Traditional and simplified


I’m sure some of you can give me good links to help me to understand / remember the relations between traditionnal and simplified chinese.
I’m currently learning with the simplified one so any material that can help me to built a bridge between what’s in my book and what’s out there is welcome!

Thanks in advance.

Where are you studying? What’s “out there” completely depends on your environment. I read that in Mainland China, traditional characters are making a comeback, so that over a half of university signs and about 80 pecent of restaurant signs use traditional characters. These numbers are even higher in southern cities like Xiamen.

Can’t say that there’s a systematic way to study the relationship of traditional and simplified characters. Mainland Chinese can read traditional because they see it more and more in everyday life, and because the historic (pre-1950’s) texts are written that way. It’s more surprising that most of my Taiwanese friends can read simplified (although they will claim then cannot write it). I guess this is also a process of natural assimilation, from movies, books etc.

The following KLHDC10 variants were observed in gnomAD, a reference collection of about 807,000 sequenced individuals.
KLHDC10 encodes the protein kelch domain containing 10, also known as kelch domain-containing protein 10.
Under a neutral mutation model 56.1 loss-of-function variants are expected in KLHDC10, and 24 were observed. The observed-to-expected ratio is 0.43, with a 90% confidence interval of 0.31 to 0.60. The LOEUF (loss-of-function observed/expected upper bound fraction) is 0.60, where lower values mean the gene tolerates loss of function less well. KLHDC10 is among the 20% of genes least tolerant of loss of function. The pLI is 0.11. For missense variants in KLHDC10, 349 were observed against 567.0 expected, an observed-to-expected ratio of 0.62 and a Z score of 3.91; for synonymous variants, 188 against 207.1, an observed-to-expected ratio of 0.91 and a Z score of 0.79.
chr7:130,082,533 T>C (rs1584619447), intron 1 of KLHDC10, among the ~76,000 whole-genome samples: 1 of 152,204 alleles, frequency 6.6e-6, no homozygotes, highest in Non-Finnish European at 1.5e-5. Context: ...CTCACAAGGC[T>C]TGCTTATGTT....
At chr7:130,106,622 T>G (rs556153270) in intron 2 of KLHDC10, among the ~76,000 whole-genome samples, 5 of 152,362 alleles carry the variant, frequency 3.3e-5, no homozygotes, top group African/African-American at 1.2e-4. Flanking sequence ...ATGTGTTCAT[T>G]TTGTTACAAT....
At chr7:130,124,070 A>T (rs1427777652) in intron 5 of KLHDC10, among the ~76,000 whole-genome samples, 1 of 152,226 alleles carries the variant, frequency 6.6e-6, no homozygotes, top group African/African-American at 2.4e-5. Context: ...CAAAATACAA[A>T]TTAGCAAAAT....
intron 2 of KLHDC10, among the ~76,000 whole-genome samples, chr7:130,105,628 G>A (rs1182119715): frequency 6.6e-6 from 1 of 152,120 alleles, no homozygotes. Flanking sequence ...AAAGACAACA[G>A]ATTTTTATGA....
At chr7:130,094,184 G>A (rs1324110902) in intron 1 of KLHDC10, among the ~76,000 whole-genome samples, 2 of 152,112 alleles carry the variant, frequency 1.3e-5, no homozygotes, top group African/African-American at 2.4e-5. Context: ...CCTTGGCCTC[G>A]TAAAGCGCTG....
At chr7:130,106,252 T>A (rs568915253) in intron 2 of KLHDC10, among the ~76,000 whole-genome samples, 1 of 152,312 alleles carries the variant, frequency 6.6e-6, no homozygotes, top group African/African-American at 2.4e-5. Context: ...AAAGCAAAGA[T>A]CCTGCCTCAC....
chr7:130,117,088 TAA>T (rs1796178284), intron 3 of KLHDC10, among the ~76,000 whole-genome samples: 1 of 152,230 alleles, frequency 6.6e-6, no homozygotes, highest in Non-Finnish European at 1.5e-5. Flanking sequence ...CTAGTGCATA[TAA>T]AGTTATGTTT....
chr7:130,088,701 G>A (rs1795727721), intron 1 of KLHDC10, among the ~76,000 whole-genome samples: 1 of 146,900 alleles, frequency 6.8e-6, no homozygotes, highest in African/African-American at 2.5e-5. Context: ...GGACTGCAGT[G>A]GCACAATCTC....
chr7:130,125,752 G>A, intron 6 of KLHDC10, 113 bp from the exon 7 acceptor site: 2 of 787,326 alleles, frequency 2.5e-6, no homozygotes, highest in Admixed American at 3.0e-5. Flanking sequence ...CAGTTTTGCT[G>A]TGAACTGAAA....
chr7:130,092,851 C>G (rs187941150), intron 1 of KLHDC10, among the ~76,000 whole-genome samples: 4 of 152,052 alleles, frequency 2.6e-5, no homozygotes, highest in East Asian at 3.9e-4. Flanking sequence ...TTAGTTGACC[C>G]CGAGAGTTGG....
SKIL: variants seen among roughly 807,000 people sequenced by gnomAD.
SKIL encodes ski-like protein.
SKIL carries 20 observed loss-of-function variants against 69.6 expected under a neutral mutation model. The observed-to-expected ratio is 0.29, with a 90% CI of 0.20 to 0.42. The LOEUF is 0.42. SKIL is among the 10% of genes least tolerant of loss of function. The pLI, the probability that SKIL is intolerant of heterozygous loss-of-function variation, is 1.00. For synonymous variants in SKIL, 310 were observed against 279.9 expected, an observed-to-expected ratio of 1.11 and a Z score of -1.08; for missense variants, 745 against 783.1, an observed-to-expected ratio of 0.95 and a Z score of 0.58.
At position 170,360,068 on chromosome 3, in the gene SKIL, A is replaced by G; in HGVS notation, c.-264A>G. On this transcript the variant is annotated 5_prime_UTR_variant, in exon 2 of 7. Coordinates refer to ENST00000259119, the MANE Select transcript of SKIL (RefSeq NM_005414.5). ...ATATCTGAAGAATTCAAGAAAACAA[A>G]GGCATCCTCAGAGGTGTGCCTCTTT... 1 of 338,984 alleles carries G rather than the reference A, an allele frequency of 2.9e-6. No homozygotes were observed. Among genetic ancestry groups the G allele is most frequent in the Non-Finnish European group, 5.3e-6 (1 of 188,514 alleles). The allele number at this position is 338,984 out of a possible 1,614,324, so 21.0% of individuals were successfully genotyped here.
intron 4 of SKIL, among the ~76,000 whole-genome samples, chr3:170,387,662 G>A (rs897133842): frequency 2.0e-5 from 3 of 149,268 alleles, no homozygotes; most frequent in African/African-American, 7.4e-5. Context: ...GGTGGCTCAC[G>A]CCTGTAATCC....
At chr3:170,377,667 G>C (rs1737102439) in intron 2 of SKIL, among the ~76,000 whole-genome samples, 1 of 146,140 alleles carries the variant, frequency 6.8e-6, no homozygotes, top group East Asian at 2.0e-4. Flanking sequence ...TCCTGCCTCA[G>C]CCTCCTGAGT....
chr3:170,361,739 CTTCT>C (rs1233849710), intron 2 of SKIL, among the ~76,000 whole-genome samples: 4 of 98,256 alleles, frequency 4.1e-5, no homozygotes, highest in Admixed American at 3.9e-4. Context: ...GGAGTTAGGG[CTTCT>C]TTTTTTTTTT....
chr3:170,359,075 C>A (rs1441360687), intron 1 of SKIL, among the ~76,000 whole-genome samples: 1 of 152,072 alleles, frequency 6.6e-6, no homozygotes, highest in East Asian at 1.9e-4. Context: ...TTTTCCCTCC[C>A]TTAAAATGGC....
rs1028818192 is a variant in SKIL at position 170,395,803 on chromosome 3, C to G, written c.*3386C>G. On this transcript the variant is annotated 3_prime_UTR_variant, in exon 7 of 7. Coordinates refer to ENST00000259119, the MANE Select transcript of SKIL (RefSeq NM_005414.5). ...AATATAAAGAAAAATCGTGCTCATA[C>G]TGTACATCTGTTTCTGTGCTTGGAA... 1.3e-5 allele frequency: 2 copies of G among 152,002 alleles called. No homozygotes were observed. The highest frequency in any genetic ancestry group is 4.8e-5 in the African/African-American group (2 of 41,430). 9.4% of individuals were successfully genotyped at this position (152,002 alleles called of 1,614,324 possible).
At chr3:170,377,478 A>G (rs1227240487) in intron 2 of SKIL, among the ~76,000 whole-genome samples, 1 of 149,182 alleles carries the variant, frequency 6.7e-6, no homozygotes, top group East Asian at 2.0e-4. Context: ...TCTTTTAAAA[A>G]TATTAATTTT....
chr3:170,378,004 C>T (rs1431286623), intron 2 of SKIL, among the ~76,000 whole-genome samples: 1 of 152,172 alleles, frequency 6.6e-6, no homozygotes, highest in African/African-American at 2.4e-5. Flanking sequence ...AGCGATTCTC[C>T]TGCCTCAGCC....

So I think you have to sort of pick it up yourself. Good dictionaries to use are the Oxford Consise 2nd Edition, and the Harbaugh Zhongwen Zipu ( , they both contain trad. and simp. side by side.

As for the relationships between simp. and trad., they fall into several categories:

  • Replacement of a complicated phonetic w/ a simpler one, ex: deng1 燈 becomes 灯, or guo2 國 becomes 囯
  • Eliminating part of the word, ex: mian4 麵 becomes 面
  • Adopting a shorthand convention already used in handwriting, ex: 個 becomes 个, 見 becomes 见.

One of the failures of simplification is that it focused entirely on reducing stroke count, and therefore created some very similar-looking character pairs, such as she4 设 (design) and mei2 没 (as in meiyou), or feng1 风 (wind) and feng4 凤 (phoenix). So there is less differentiation of simp. characters and this can make them harder to read.

I’d say get yourself a list of jianti and their corresponding fanti (where the hell did I put mine…?) and start comparison…it’s not as hard as you think…the radicals and components of a character are usually simplified the same way, so once you know how it works you can easily recognize the characters. some examples here:

A good radical index showing both simpliified and long form would provide a good start. The little old Oxford does that . . . if your eyes are good enough.